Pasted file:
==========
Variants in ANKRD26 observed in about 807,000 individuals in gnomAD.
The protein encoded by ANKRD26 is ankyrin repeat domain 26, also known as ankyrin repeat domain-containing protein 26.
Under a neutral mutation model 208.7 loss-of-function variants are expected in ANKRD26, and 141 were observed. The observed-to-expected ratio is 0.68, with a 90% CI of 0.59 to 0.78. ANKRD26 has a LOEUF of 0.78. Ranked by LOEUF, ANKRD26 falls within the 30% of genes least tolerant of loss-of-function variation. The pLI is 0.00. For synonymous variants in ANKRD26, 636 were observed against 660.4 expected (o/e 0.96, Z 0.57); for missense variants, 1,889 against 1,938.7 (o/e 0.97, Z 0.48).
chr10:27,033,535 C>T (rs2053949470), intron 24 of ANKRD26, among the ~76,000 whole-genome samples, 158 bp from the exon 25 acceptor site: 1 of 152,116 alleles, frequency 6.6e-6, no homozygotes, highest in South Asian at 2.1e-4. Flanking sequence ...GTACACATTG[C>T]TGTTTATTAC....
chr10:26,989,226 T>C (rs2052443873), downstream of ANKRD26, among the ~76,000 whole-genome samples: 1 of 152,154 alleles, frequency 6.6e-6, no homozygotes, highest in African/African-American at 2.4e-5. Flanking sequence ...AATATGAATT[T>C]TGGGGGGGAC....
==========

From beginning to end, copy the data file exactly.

Variants in ANKRD26 observed in about 807,000 individuals in gnomAD.
The protein encoded by ANKRD26 is ankyrin repeat domain 26, also known as ankyrin repeat domain-containing protein 26.
Under a neutral mutation model 208.7 loss-of-function variants are expected in ANKRD26, and 141 were observed. The observed-to-expected ratio is 0.68, with a 90% CI of 0.59 to 0.78. ANKRD26 has a LOEUF of 0.78. Ranked by LOEUF, ANKRD26 falls within the 30% of genes least tolerant of loss-of-function variation. The pLI is 0.00. For synonymous variants in ANKRD26, 636 were observed against 660.4 expected (o/e 0.96, Z 0.57); for missense variants, 1,889 against 1,938.7 (o/e 0.97, Z 0.48).
chr10:27,033,535 C>T (rs2053949470), intron 24 of ANKRD26, among the ~76,000 whole-genome samples, 158 bp from the exon 25 acceptor site: 1 of 152,116 alleles, frequency 6.6e-6, no homozygotes, highest in South Asian at 2.1e-4. Flanking sequence ...GTACACATTG[C>T]TGTTTATTAC....
chr10:26,989,226 T>C (rs2052443873), downstream of ANKRD26, among the ~76,000 whole-genome samples: 1 of 152,154 alleles, frequency 6.6e-6, no homozygotes, highest in African/African-American at 2.4e-5. Flanking sequence ...AATATGAATT[T>C]TGGGGGGGAC....